The bus continued East along the border, with the impoverished Tijuana slums  facing a deep, steep, vacant canyon, patrolled by heavily armed and fortified U.S. Border Patrol.  This truly was a frontier. On the Mexican side, humanity crammed on every inch of soil, facing the empty, militarized expanse of Gringolandia. The evening became pitch black and fast food joints and neon bars lit up the night as we traveled away from the frontier.

We settled in for a 30 hour bus ride, prayed for safe travels, and settled into sleep.  We had promised our mothers that we would make it safely home.

Sonoran Sunset

We were awoken abruptly in the middle of the night by Mexican armed forces. They ordered us off the bus and we panicked.  All of the stories of night blockades and fake police checkpoints were racing in our mind.  We were the only foreigners on the bus.  They lined us up inside this concrete building, forcing us to drag our bags from the bus with us.  Heavily armed soldiers watched us sternly.  Confused, we proceeded in the line, which culminated with a push button and a head level stop light.  Folks would push the little button and either would get a green or a red light.  A red light meant you would get dragged aside to be searched and a green told you to get back on the bus.  By the luck of the draw, we both got the green go ahead and scrambled back onto the bus to the safety of our scattered slumber.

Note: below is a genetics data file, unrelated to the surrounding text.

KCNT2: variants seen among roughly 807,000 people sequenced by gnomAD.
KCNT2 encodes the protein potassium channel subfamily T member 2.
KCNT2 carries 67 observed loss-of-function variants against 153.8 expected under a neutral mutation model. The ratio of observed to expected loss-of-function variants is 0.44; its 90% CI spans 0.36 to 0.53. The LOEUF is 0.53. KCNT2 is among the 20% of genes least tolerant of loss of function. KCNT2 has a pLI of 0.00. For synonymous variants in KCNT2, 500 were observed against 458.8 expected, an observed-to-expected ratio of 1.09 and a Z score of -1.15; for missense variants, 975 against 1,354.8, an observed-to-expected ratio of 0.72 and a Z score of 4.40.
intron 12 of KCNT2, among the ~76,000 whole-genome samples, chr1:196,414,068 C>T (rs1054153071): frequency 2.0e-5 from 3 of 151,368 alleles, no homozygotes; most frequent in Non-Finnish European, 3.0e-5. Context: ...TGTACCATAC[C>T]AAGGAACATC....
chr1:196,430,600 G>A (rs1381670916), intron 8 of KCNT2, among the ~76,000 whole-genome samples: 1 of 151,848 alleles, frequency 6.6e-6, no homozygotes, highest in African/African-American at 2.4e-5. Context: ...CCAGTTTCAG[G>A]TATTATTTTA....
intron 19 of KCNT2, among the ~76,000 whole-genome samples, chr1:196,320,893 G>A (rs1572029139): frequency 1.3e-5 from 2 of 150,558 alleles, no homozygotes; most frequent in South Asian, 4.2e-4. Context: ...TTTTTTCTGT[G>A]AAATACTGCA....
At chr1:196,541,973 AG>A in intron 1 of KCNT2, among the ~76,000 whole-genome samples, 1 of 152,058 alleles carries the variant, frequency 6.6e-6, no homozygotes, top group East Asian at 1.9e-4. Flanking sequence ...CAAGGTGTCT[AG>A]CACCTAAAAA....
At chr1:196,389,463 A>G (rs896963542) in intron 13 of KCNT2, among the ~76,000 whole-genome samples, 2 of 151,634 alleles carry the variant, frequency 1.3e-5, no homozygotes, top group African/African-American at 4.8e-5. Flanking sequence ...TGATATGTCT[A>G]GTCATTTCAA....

As we discovered throughout our travels, the long distance buses of Latin America are luxurious.  The bus had filled by morning with many families as we stopped in small Northern cities.  We all watched bootleg movies with spanish dubbing.

We would stop every few hours to stretch legs and buy snacks or a meal.  These stops were a great time for us to make eye contact and friends with all of our fellow passengers.  It turns out that our sketchy neighbors were absolute sweethearts!  We all climbed back on the bus and shared our snacks and traded stories.

We all had a common purpose, getting home to Mom’s house.  Lale was headed to the South of Chile to see her mother and our three friends were also heading home to see their mothers for the first time in many years.  Each of our buddies had their bus ticket paid by U.S. Homeland Security and was being deported home after serving felony sentences in California.

When we had first encountered these guys, we were purely afraid of them and everything else in the North of Mexico.  By the time we neared their respective hometowns, we actually felt safer having these guys as our travelling companions.